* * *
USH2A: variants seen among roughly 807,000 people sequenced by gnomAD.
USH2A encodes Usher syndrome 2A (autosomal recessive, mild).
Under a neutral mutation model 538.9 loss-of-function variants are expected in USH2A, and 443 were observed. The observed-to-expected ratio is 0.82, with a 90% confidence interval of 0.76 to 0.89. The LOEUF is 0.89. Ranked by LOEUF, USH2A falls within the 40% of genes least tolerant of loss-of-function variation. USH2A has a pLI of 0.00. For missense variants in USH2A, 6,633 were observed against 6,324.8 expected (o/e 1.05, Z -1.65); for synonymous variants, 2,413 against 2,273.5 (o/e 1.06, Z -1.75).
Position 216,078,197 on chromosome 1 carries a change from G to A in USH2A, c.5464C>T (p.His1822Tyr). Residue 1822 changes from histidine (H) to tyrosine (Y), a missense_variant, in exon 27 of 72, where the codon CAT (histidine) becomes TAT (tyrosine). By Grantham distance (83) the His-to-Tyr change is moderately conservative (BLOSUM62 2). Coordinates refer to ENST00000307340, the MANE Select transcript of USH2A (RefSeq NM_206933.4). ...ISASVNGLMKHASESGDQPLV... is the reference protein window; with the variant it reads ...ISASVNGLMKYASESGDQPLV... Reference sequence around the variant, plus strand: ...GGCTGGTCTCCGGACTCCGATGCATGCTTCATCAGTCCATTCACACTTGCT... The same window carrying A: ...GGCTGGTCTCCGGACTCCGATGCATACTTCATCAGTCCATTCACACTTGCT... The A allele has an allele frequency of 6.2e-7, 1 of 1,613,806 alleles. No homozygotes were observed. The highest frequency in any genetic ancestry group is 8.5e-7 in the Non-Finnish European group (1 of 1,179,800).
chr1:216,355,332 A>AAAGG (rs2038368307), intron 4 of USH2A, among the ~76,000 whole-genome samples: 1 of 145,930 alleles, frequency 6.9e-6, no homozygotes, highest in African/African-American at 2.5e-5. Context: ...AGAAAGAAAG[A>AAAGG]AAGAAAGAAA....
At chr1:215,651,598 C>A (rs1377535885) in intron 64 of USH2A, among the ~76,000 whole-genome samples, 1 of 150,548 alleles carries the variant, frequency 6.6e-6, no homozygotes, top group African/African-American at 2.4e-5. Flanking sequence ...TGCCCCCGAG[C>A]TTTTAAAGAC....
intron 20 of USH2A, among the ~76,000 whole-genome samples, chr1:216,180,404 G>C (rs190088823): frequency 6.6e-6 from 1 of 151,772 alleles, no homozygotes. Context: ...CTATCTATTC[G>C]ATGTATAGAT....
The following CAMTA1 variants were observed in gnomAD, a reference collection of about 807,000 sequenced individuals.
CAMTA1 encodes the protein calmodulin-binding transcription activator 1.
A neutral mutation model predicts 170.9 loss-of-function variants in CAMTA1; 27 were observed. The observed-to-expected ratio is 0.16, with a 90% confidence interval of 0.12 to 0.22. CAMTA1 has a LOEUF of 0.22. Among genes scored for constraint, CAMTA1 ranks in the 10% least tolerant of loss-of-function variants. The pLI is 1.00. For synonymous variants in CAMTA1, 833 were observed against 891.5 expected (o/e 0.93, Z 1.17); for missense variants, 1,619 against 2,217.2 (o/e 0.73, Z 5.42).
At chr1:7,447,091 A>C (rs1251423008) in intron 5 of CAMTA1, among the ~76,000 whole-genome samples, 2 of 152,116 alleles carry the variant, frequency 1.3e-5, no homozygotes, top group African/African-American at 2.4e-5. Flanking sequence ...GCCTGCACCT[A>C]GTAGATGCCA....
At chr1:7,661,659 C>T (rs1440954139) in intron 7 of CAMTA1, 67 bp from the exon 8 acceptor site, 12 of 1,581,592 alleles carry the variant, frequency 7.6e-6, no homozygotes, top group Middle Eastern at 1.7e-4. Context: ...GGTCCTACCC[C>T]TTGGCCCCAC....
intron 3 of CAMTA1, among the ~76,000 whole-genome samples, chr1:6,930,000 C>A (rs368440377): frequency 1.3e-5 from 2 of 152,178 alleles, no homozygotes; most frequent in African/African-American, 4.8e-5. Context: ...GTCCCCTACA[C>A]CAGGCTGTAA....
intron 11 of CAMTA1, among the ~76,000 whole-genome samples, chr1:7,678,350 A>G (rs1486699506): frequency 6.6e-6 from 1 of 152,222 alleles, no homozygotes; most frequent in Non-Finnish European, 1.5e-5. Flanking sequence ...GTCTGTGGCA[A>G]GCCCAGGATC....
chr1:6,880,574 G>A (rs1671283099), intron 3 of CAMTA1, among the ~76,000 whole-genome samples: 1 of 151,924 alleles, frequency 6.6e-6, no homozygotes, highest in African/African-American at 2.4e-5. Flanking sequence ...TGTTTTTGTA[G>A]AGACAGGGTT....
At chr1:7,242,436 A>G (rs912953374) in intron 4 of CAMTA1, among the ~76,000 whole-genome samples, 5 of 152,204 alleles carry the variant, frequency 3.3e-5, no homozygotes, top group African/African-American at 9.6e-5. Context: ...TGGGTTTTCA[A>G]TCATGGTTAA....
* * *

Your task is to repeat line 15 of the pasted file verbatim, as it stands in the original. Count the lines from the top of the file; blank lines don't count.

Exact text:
chr1:6,880,574 G>A (rs1671283099), intron 3 of CAMTA1, among the ~76,000 whole-genome samples: 1 of 151,924 alleles, frequency 6.6e-6, no homozygotes, highest in African/African-American at 2.4e-5. Flanking sequence ...TGTTTTTGTA[G>A]AGACAGGGTT....